|By Chad01 (Chad01) on Tuesday, October 28, 2003 - 03:05 pm: Edit|
I have an opportunity to sell some food in a Deli type set up in a local supermarket. What type of price structure should I use to put prices on Pre-Prepared items such as pre packaged burritos etc.
And what should I charge on items that I do Prep, salads and things like that.
Any input will be helpful
|By Chefmanny (Chefmanny) on Tuesday, October 28, 2003 - 06:57 pm: Edit|
I think the first question you should be asking, if you are asking this question is:
Do I really want to do this????
To answer in a nutshell though, it depends on what the market will bear, how much profit you want to make and, what your expenses will be!
|By Chad01 (Chad01) on Wednesday, October 29, 2003 - 02:07 pm: Edit|
I was looking for an average % mark up on these type of goods. I TRY to run about 30% food cost in the sandwich shop that I currently own and am trying to expand my sales at the local supermarket. If I was to purchase, say pre packaged burritos @ $.78/ea and continue to try to keeping @30% food cost I would have to sell them @ $2.60/ea. Now, who would buy that? I do nothing with the burritos but take them out of the box and put a price tag on them. What mark up should I be shooting for?
|By Chefmanny (Chefmanny) on Wednesday, October 29, 2003 - 02:46 pm: Edit|
Do you have to pay any expenses there?
I would never work for less than 20% profit, but you have to look at tha competition also, see what they charge for similar items
|By Chad01 (Chad01) on Wednesday, October 29, 2003 - 03:25 pm: Edit|
No competition, very small town. I do however pay the store 10% of sales.
Thanks for the help,
|By Chefmanny (Chefmanny) on Wednesday, October 29, 2003 - 08:20 pm: Edit|
Mark it up at least 30% then! Or whatever you want to profit
|By Kinglear (Kinglear) on Wednesday, October 29, 2003 - 09:03 pm: Edit|
By and large, in a retail setting, when all you do is put a price tag on an item, you sell with a 55% gross margin. So take your burrito cost (.78) and divide by .45 which gives you a retail price of 1.74. Round up to a comfortable price point, say, 1.75 or even 1.89. Don't forget to include the cost of your packaging materials in your raw cost, too.
For items that you prepare-figure at least a 70% gross margin, 75-80 being a better safeguard against shrink. Figure your raw food cost, add what it costs you in packaging materials for the whole lot, then divide by .3 for 70% GM, .25 for 75% GM and .2 for 80%. Then round up to a reasonable and familiar price point.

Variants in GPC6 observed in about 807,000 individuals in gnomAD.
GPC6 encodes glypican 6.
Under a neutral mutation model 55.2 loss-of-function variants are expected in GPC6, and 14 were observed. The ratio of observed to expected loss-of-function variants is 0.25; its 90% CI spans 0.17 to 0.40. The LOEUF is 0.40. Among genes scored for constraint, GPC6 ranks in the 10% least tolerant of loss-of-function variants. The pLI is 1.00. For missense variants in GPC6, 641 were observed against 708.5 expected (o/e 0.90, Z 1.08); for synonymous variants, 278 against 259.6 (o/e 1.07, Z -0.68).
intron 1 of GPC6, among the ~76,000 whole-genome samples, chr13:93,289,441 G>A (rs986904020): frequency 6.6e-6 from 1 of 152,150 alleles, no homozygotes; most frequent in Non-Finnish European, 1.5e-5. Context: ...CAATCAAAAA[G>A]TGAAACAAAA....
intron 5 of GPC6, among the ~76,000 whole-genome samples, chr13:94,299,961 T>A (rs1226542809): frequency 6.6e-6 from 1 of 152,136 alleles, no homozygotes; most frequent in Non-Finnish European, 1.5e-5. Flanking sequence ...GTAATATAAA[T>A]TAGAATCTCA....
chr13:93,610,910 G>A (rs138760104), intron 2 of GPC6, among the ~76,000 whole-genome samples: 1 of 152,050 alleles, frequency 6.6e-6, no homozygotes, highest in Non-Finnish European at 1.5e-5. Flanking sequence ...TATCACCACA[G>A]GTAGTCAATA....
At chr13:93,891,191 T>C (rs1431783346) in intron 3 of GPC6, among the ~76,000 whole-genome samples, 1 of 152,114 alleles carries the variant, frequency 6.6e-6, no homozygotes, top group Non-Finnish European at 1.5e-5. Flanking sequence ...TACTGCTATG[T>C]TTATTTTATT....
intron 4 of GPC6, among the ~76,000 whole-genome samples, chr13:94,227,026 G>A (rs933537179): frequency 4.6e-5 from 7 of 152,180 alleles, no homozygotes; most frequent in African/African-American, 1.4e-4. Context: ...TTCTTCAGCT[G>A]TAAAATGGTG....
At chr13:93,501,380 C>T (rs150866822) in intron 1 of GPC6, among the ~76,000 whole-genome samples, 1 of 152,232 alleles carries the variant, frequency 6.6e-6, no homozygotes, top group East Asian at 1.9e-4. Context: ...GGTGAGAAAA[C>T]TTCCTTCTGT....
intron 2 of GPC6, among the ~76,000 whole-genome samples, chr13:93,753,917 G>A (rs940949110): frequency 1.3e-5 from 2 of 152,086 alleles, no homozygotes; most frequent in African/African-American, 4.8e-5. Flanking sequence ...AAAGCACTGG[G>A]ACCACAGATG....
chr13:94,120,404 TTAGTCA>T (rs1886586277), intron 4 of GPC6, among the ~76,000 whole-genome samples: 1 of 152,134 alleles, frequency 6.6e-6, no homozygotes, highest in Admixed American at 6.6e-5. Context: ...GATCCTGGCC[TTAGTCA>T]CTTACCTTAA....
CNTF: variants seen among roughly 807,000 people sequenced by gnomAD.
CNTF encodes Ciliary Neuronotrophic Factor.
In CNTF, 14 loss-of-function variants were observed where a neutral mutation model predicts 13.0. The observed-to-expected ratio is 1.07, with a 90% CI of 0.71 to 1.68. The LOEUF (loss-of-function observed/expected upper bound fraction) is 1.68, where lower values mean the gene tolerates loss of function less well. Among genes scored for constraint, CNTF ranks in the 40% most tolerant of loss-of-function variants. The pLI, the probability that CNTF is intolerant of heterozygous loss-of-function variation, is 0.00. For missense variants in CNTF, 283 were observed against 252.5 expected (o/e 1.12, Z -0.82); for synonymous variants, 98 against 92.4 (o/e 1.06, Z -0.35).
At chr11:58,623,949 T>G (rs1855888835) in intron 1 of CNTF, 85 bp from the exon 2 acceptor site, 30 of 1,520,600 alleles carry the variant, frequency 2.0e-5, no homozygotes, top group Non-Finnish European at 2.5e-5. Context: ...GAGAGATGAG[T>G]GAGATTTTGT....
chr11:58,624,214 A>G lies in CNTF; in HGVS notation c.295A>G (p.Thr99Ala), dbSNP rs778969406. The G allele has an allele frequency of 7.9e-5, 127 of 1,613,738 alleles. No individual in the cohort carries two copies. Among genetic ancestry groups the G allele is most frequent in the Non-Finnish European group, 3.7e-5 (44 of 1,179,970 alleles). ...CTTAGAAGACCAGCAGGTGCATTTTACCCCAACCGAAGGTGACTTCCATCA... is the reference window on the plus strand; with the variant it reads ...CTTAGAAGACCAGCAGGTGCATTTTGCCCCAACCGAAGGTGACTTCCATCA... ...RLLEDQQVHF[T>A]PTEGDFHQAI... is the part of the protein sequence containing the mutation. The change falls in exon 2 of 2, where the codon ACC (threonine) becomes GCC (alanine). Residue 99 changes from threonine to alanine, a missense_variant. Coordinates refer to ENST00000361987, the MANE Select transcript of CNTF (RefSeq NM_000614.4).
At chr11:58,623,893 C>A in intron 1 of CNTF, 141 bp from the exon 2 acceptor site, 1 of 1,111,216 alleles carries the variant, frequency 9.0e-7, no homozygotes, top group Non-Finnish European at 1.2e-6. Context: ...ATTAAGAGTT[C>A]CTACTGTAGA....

Shrink in situations as you describe can be a killer-theft, spoilage, mishandling by service persons. Always give yourself at least 5-10% wiggle room in this area.
Many people do not figure packaging materials into food cost-a big mistake for deli type operations. If listed as supplies and operating expenses the IRS takes a very dim view and may force you to pay considerable penalties. The general rule is-if it walks out the door in the hands of the customer, it's inventory and should be counted as cost of goods sold.
Once you have a good handle on what items sell well, price your three most popular offerings at a lower price point than the standard 70% margin--sell at 55-60 to keep them moving quickly.You'll make more profit by selling these below margin, but selling a ton of it. Price your specialty items higher.
|By Chad01 (Chad01) on Thursday, October 30, 2003 - 11:02 am: Edit|
Thanks for the input, by the way I have been selling the crap out of the burritos for $1.85 so I guess that my gut feelings were on the money so to speak.
Thanks again ,
|By Chef_Mars (Chef_Mars) on Sunday, November 09, 2003 - 07:51 pm: Edit|
>Thanks for the input, by the way I have been selling the crap out of the burritos for $1.85 so I guess that my gut feelings were on the money so to speak.
But have you been making or losing money on the transactions? Have those sales contributed to your profit? I suggest a little Break-Even analysis study to help you orient your business decisions. Subjects like:: fixed cost, variable cost, unit contribution and total contribution are important. Break Even alalysis is a technique for analyzing a new investment (like a new kitchen, new walk-in, etc), a new product introduction (example: a new menu item, opening a new restaurant or adding a second unit), a price change or, and this is very critical, inaction in response to a competitor's moves.
It is a process that takes numerical data, crunches it, returns sets of other numerical data that must then either be ignored or acted upon.
"When you are out of money you are out of the game"